"In 1962," begins Ronald Bergan in the Guardian, "Don Sharp was a minor ex-actor, hack writer and jobbing director of British B-films, when he was offered the chance to make a gothic horror movie for Hammer, 'the studio that dripped blood.' In the event, The Kiss of the Vampire (1963) rescued both Sharp, who has died aged 89, and Hammer from the doldrums. The studio, which had suffered several expensive flops, turned to Sharp due to his experience in low-budget filmmaking. Sharp, who claimed to have never watched a horror movie, let alone directed one, quickly steeped himself in the Hammer style by spending a week or so watching past successes, principally those directed by Terence Fisher and Freddie Francis. The Kiss of the Vampire, made with a smaller budget and an unstarry cast, recruited mostly from television, scored at the box office, and Sharp became associated with horror movies thereafter."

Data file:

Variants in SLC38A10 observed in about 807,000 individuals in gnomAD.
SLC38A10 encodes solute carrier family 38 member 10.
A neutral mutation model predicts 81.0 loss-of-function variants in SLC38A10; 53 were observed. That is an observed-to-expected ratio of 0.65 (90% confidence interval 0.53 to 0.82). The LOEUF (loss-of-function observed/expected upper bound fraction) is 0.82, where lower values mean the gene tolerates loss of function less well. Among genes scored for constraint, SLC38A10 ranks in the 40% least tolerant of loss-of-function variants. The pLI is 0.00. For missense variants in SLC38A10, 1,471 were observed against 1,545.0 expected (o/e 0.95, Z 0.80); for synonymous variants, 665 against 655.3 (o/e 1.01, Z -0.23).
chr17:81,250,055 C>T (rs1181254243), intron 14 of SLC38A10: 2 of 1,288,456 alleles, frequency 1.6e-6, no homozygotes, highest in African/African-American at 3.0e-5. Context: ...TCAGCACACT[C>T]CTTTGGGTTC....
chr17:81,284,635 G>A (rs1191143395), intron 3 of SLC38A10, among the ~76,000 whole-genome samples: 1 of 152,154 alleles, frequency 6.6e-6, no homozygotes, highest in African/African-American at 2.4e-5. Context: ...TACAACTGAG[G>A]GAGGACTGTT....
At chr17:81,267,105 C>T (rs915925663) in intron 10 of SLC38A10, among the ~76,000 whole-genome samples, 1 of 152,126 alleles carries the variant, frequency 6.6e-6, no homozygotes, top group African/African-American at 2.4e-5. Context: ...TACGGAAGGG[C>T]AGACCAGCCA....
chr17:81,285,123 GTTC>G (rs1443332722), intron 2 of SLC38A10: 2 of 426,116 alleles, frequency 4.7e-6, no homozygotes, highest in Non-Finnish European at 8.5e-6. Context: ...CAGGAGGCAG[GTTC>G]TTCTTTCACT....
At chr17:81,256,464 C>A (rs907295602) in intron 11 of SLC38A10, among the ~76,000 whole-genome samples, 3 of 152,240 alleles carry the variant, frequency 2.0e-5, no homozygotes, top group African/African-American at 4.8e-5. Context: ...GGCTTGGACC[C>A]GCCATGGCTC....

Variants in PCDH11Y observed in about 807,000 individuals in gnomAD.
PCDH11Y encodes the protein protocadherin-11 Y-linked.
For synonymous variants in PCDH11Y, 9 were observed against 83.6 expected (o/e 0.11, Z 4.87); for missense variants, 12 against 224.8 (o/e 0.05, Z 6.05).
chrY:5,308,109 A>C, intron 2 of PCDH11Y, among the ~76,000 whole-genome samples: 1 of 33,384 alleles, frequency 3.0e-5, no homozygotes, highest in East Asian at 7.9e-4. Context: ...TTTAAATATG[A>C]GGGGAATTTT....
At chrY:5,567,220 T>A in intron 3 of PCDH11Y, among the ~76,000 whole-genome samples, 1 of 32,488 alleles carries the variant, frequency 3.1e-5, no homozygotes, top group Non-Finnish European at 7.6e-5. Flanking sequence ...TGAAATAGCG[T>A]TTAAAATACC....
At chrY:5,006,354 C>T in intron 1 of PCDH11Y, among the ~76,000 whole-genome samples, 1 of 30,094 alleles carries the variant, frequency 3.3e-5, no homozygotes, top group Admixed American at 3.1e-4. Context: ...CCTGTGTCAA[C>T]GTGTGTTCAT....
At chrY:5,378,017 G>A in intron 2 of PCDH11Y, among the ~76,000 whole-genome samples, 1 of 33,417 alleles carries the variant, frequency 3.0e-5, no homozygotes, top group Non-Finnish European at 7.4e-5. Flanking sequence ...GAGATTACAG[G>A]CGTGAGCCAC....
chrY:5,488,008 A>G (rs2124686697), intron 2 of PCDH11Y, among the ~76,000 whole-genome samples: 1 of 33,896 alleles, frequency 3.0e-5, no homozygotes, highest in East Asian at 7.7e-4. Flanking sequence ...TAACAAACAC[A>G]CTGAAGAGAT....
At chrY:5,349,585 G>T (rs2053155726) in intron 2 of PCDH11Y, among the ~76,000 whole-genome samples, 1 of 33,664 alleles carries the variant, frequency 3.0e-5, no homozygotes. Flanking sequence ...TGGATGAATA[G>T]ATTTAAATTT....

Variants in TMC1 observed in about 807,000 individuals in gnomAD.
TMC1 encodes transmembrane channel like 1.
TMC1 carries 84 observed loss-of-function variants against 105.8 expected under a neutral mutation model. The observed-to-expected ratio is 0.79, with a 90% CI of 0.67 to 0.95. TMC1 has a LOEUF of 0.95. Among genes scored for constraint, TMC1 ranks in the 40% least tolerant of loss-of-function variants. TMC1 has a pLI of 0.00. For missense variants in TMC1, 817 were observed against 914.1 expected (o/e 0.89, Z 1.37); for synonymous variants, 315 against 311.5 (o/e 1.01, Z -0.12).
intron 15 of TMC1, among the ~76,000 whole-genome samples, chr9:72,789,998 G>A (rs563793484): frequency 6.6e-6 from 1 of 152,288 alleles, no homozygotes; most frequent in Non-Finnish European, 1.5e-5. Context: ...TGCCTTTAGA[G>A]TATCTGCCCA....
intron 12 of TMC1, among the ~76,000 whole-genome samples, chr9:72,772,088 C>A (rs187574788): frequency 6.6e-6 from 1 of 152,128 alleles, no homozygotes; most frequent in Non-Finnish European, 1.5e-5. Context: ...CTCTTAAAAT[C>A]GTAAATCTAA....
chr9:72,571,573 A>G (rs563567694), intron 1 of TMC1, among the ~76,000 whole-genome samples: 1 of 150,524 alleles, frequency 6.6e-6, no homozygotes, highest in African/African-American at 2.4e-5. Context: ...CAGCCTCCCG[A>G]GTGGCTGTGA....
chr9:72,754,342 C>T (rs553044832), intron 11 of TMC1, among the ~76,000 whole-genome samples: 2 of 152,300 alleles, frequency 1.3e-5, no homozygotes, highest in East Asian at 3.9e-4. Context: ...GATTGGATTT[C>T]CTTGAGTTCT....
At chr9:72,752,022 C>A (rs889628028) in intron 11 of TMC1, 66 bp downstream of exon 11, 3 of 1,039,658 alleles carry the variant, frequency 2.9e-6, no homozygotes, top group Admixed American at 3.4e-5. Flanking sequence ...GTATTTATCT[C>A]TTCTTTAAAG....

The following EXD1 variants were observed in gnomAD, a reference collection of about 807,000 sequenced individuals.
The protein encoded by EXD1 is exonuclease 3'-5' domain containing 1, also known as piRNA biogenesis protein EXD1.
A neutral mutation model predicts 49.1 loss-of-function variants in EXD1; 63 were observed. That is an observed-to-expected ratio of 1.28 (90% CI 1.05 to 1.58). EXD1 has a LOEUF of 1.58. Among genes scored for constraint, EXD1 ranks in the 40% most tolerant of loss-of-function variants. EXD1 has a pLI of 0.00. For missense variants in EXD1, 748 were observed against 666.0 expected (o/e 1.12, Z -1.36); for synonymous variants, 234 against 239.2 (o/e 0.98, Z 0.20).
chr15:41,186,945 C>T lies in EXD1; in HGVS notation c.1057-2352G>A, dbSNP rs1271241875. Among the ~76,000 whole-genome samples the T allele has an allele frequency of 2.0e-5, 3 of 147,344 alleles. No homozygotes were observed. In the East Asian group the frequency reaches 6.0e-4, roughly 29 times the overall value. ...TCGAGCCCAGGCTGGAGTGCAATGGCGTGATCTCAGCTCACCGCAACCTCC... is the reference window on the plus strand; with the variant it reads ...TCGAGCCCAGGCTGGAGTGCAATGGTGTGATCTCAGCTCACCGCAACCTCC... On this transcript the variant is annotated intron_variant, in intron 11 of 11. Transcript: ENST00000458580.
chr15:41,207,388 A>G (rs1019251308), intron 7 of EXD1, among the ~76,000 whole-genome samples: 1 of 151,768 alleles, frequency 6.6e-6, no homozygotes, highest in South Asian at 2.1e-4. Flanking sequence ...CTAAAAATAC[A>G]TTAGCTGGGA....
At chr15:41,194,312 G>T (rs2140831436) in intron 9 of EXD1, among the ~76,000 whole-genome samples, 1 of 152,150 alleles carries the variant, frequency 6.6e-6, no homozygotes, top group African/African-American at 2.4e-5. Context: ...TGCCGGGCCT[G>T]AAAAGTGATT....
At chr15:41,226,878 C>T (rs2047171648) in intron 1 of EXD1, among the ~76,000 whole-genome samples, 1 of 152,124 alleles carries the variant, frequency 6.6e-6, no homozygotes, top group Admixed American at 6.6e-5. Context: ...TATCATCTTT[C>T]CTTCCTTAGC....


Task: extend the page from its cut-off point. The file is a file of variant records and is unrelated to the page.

The Kiss of the Vampire was Hammer's "second attempt at a Dracula follow-up without Christopher Lee (or indeed Dracula)," notes Empire's Owen Williams. "He did however get to work with Lee on the subsequent The Devil Ship Pirates and Rasputin the Mad Monk, and away from Hammer, the pair also collaborated on the first two films in the Fu Manchu series, before the reigns slipped to Jesus Franco."
Adds the Alt Film Guide's Andres Soares: "Sharp's other notable efforts include The Death Wheelers / Psychomania (1973), about a youth gang terrorizing a small town; the IRA drama Hennessy (1975), with A-listers Rod Steiger and Lee Remick; The Thirty-Nine Steps, an underrated remake of Alfred Hitchcock's 1935 classic starring Robert Powell in Robert Donat's old man-on-the-run role; and the slow-moving adventure drama Bear Island, featuring Vanessa Redgrave and Donald Sutherland."